Preparing your cabinets is the most crucial step when spraying cabinets. The first step for proper preparation is getting the surface ready for painting. Before beginning surface prep you can remove the door handles and cabinet faces from the cabinets making sure to label each so that you can easily replace them. After removing the door faces and hinges the next thing to do is to degrease the cabinets with a proper cleaning agent like Zep Kitchen Cabinet cleaner.  After making sure the surface is clean the next step is to fill in any surface imperfections. To fill in the surface so that you can achieve a smooth finish you will address large imperfections first like divots and nail holes and later small imperfections (more on addressing small imperfections later). Large imperfections can be addressed with proper wood filler followed by sanding the surface properly.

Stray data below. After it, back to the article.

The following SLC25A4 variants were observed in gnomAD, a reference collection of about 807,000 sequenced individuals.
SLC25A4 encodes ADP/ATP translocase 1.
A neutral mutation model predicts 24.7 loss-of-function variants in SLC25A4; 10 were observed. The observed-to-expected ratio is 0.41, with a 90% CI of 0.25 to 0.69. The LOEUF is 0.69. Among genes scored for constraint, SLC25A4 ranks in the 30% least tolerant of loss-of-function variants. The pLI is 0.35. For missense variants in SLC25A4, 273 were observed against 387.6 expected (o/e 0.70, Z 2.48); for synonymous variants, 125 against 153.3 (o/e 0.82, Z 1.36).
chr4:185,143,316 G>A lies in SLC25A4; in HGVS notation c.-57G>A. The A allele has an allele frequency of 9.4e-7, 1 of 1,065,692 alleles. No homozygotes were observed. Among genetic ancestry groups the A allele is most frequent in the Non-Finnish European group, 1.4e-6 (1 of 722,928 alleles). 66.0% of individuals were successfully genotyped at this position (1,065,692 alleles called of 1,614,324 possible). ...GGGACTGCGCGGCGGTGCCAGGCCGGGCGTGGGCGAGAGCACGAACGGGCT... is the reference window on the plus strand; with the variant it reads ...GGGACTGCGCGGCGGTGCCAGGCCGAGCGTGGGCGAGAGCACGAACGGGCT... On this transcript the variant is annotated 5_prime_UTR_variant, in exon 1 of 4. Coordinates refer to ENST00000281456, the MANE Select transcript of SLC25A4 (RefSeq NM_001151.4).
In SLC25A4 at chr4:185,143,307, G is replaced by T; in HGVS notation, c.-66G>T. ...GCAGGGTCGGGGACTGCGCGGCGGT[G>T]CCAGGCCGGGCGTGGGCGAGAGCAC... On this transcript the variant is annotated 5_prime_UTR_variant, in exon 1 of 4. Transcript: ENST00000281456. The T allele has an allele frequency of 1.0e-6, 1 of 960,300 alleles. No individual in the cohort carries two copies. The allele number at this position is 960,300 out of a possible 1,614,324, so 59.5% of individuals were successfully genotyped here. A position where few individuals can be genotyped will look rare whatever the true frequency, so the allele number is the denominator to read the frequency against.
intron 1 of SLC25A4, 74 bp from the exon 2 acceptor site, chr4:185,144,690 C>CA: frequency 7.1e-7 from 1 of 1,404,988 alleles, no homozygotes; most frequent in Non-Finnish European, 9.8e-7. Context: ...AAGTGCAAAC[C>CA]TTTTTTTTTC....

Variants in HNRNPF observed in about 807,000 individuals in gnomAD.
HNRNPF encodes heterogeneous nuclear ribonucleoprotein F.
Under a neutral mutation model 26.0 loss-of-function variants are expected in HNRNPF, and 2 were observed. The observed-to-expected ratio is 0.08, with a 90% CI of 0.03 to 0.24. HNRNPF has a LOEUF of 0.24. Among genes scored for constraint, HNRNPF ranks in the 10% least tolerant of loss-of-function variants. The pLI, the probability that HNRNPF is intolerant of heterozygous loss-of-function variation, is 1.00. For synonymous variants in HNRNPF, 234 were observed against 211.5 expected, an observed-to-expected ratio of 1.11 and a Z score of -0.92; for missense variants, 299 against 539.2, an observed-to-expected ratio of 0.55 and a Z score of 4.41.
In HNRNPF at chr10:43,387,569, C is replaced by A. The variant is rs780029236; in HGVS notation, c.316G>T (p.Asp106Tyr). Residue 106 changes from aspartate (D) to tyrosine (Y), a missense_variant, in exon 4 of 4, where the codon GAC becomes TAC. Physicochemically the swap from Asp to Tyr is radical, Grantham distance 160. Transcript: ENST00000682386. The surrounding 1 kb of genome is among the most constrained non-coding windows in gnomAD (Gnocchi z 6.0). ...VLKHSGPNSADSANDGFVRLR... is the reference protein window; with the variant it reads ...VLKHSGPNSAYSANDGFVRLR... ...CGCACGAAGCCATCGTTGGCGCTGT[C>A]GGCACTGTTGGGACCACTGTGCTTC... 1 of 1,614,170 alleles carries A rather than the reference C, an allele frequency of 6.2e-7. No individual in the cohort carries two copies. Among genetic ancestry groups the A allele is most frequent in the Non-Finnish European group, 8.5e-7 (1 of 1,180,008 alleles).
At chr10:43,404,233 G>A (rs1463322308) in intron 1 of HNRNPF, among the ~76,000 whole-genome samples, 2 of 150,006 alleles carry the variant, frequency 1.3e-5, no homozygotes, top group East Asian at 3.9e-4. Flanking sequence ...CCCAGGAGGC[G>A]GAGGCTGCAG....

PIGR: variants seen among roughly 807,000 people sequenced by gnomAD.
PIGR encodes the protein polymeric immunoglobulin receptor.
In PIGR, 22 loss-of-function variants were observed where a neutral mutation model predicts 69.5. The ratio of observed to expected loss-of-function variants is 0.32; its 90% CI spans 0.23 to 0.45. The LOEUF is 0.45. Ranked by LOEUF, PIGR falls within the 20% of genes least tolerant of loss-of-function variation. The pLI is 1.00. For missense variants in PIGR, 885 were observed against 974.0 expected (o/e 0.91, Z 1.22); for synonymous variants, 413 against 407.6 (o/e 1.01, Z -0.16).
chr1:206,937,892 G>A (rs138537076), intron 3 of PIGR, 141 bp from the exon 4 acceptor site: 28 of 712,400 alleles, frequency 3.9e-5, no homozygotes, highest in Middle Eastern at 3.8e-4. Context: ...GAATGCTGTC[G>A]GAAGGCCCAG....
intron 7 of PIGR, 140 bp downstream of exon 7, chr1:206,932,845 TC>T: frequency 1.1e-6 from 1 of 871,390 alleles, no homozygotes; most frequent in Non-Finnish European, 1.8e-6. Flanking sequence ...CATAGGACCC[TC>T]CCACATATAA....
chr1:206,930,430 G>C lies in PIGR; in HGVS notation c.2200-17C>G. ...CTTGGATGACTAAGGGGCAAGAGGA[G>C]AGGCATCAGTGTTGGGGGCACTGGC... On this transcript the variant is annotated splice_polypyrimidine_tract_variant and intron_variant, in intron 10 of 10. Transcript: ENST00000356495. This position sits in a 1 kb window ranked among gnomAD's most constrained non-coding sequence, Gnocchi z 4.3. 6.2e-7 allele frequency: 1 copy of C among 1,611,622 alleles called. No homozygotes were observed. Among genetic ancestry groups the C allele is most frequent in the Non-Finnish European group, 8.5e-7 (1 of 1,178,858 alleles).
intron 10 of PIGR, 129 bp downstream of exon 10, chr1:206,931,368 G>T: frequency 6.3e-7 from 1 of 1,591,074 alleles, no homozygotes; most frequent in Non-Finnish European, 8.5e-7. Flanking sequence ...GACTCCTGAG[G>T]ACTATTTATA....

After you have filled in imperfections and degreased the surface the next step will be to sand the cabinet surface smoth. When sanding a random orbital sander will typically be the best because it will leave the least marks but orbital and belt sanders can also work (more on sanders and surface preparation is available here). When sanding you will start with a low grit (usually around 60 or 80 grit) and gradually work your way up to 150 to 180 grit sandpaper usually not skipping more than a single grit between each time sanding. Much higher grit than 180 grit paper will tend to seal the pores of the wood and ultimately can prevent you from getting the finish you may want.